Largest Environmental Disaster

Posted on July 15th, 2010 by Clinically Clueless

I assume that most have heard about the BP, which is partly owned by the United States, oil spill effecting my country’s (U.S.) progress.  This is considered the largest environmental disaster.  The effect on the wildlife and the livelihood of of those whom need the gulf for their income including shrimp, crab and many more see life.  This also effects tourism income.  I understand how difficult this situation is to resolve in the mean time it is beginning to take a human toll.

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I know this isn’t proper, but I did find the parody of the truthfulness quite funny.   But, it isn’t a funny thing.  I think about the HUGE enviromental impact.  But, mostly the people that live and make a living and life with the Gulf.  My heart just aches and I can’t find the right words to express my outrage especially at BP and how much I just want to do more to help those effected…right now prayer is what I can offer.

For information regarding the United States Goverment response to the BP oil spill go to the White House Web Page and for a quick run down go to SodaHead Opinions

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What  would you survive if your livelihood and way of life were suddenly taken from you?  What is the media in your area telling you?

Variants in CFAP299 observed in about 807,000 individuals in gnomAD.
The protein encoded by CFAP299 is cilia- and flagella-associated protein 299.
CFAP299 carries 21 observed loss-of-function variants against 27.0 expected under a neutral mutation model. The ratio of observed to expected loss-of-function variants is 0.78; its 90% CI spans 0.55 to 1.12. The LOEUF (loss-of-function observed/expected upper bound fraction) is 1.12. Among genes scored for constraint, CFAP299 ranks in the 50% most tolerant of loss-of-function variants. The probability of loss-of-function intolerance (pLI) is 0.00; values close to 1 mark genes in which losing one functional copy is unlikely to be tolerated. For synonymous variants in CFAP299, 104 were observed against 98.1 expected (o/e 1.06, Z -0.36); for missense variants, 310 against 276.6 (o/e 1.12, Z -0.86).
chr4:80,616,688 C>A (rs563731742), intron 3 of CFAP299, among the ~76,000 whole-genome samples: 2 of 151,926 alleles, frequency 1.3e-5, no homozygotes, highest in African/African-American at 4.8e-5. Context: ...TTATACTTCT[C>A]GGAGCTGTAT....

Footballers – only human after all?

Posted on July 11th, 2010 by irishcoffee

Anyone been watching the World Cup? Today sees the final drama of the South Africa 2010 world cup unfold, when Spain and the Netherlands meet in the final tonight in Soccer City, Johannesburg . For a whole month, football lovers have been treated to a feast from the finest teams and players across the planet.

The social gap — between spectator and performer — appears huge. Few of us can match the wealth, never-mind skill, ingenuity, or professionalism to perform on such a stage. Watch closely, however, and at times a more familiar human side of footballers is visible. They may not live in our “world” as such, but that doesn’t mean they don’t think and act as humans generally do.

Often games are decided with literally one kick of the ball. In one quarter final, Ghana were granted such an opportunity against Uruguay. With the score tied at 1-1 in the final few seconds of extra time, a Uruguay player handled the ball, Ghana were awarded a penalty. Forward Asamoah Gyan stepped up to the spot. With this one kick he had the chance to put his country Ghana — at this stage Africa’s last representatives at  the South Africa 2010 World Cup — into the semi-finals. Under the most extreme pressure, Gyan opted for power….and missed. The ball ricocheted off the cross bar, and the game went into penalties to decide the winner. Ghana missed two of their allotted penalties, and so it was Uruguay’s chance to win the match with one kick. Forward Sebastian Abreu — nickname, El Loco (Spanish for madman) — stepped up to the spot. This footballer opted not for power. With the lightest of touches, he outsmarted the goalkeeper by chipping the ball almost right into the centre of the goal. Uruguay were in ecstasy. Ghana in agony.